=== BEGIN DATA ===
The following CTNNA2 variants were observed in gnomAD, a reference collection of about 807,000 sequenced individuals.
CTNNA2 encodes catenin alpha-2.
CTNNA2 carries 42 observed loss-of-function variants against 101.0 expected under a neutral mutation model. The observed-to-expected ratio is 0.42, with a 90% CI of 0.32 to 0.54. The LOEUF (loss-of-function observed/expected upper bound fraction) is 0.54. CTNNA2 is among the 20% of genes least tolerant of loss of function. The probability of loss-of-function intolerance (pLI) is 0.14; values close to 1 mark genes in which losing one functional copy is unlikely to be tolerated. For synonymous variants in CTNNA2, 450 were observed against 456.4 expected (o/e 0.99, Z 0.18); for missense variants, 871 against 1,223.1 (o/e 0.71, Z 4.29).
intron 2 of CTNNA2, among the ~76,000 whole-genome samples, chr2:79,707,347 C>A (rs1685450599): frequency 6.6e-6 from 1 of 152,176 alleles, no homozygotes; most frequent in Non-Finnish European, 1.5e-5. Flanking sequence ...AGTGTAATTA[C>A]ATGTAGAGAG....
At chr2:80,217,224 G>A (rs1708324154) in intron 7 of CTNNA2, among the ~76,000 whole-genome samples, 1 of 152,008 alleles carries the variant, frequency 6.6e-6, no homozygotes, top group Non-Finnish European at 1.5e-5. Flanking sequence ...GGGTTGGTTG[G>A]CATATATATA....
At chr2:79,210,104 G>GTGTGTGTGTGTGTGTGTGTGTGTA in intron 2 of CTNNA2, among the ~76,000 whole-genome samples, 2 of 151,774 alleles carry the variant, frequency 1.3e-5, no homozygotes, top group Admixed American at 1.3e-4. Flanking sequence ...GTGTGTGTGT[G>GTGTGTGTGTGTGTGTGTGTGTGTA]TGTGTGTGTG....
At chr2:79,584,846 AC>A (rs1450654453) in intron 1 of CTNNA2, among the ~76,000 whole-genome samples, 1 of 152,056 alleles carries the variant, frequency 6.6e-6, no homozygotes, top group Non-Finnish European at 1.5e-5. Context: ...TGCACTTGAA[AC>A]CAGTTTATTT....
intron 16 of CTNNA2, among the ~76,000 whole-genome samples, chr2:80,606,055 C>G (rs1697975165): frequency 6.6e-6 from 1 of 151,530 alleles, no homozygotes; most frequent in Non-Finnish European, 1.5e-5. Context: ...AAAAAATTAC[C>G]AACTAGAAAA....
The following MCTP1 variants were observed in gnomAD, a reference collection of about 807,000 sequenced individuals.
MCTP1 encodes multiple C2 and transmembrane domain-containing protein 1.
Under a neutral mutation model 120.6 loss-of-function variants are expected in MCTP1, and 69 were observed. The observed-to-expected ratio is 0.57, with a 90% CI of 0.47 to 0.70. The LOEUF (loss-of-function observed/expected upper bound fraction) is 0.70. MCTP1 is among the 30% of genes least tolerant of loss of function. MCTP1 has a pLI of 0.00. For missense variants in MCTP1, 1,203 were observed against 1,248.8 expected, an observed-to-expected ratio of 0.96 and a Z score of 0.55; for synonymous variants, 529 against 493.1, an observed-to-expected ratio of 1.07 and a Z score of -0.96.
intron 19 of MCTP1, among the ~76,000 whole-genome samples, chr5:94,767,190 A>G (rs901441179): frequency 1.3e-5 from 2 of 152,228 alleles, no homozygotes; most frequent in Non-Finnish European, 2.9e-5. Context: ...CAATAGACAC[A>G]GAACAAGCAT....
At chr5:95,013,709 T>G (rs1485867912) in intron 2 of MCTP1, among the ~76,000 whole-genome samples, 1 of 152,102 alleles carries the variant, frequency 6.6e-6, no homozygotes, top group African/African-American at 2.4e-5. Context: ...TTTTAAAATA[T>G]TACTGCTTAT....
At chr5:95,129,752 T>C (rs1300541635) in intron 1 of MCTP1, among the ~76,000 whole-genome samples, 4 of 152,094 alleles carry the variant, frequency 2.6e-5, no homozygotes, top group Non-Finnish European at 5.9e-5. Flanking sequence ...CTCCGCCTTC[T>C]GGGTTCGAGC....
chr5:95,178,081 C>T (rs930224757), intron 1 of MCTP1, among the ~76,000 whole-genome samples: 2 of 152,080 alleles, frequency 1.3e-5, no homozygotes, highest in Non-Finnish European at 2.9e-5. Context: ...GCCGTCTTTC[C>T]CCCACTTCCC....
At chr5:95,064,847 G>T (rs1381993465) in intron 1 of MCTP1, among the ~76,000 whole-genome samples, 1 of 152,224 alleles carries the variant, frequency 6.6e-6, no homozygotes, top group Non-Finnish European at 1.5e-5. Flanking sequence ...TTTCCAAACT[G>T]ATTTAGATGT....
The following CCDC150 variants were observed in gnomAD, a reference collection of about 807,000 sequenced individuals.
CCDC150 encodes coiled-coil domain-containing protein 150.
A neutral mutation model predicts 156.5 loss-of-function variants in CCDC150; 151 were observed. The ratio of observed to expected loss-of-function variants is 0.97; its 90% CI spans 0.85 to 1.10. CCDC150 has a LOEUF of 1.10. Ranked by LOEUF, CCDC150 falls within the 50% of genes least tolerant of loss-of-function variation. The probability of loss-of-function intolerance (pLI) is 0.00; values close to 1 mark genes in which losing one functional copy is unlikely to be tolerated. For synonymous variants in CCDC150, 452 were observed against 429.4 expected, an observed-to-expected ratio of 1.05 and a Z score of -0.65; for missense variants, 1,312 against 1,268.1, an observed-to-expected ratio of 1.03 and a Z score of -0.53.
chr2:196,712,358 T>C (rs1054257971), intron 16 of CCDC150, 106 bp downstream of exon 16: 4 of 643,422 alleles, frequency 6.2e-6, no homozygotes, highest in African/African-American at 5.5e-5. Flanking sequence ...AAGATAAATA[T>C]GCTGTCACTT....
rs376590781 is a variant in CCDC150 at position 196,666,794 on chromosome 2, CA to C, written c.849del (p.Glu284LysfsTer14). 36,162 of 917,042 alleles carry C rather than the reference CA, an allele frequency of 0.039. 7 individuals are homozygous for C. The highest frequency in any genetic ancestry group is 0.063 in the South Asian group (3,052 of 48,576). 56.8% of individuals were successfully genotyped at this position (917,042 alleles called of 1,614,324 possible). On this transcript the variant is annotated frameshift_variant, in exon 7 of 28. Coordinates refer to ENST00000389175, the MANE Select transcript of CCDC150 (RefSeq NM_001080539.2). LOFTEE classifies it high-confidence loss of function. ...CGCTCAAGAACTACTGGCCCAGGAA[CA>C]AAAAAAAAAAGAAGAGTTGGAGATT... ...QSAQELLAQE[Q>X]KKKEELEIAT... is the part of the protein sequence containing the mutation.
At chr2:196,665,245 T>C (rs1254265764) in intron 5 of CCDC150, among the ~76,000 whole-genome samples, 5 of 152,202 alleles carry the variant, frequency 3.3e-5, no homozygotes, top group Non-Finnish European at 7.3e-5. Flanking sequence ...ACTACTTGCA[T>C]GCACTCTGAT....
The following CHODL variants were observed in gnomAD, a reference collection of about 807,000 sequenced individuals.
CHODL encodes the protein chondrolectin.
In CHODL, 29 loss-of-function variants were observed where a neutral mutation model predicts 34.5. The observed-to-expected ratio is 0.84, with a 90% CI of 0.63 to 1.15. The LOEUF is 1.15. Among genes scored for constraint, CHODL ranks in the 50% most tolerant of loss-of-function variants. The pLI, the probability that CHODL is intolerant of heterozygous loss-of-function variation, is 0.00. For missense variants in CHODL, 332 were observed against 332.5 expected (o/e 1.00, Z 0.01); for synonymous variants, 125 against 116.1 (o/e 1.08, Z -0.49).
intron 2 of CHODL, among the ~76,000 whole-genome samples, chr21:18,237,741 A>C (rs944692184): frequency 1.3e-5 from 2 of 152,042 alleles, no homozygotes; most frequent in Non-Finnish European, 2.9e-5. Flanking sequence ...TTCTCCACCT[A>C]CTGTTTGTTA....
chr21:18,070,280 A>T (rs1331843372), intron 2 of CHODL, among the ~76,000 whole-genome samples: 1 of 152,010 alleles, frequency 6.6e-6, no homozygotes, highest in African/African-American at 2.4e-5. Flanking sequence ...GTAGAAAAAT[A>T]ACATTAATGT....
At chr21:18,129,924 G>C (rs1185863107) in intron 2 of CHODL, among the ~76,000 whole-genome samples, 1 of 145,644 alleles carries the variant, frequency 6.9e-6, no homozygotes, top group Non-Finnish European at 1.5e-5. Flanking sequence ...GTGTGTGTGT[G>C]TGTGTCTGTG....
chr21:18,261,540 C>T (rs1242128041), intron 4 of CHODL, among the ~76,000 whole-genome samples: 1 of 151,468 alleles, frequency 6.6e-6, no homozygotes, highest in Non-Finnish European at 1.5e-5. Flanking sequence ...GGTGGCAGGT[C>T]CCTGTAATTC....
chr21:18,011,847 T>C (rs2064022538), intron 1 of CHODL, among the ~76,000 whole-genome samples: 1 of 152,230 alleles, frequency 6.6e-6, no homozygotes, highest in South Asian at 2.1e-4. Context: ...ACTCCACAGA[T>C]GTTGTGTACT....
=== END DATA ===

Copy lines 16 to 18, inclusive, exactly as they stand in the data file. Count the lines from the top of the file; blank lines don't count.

At chr5:95,064,847 G>T (rs1381993465) in intron 1 of MCTP1, among the ~76,000 whole-genome samples, 1 of 152,224 alleles carries the variant, frequency 6.6e-6, no homozygotes, top group Non-Finnish European at 1.5e-5. Flanking sequence ...TTTCCAAACT[G>T]ATTTAGATGT....
The following CCDC150 variants were observed in gnomAD, a reference collection of about 807,000 sequenced individuals.
CCDC150 encodes coiled-coil domain-containing protein 150.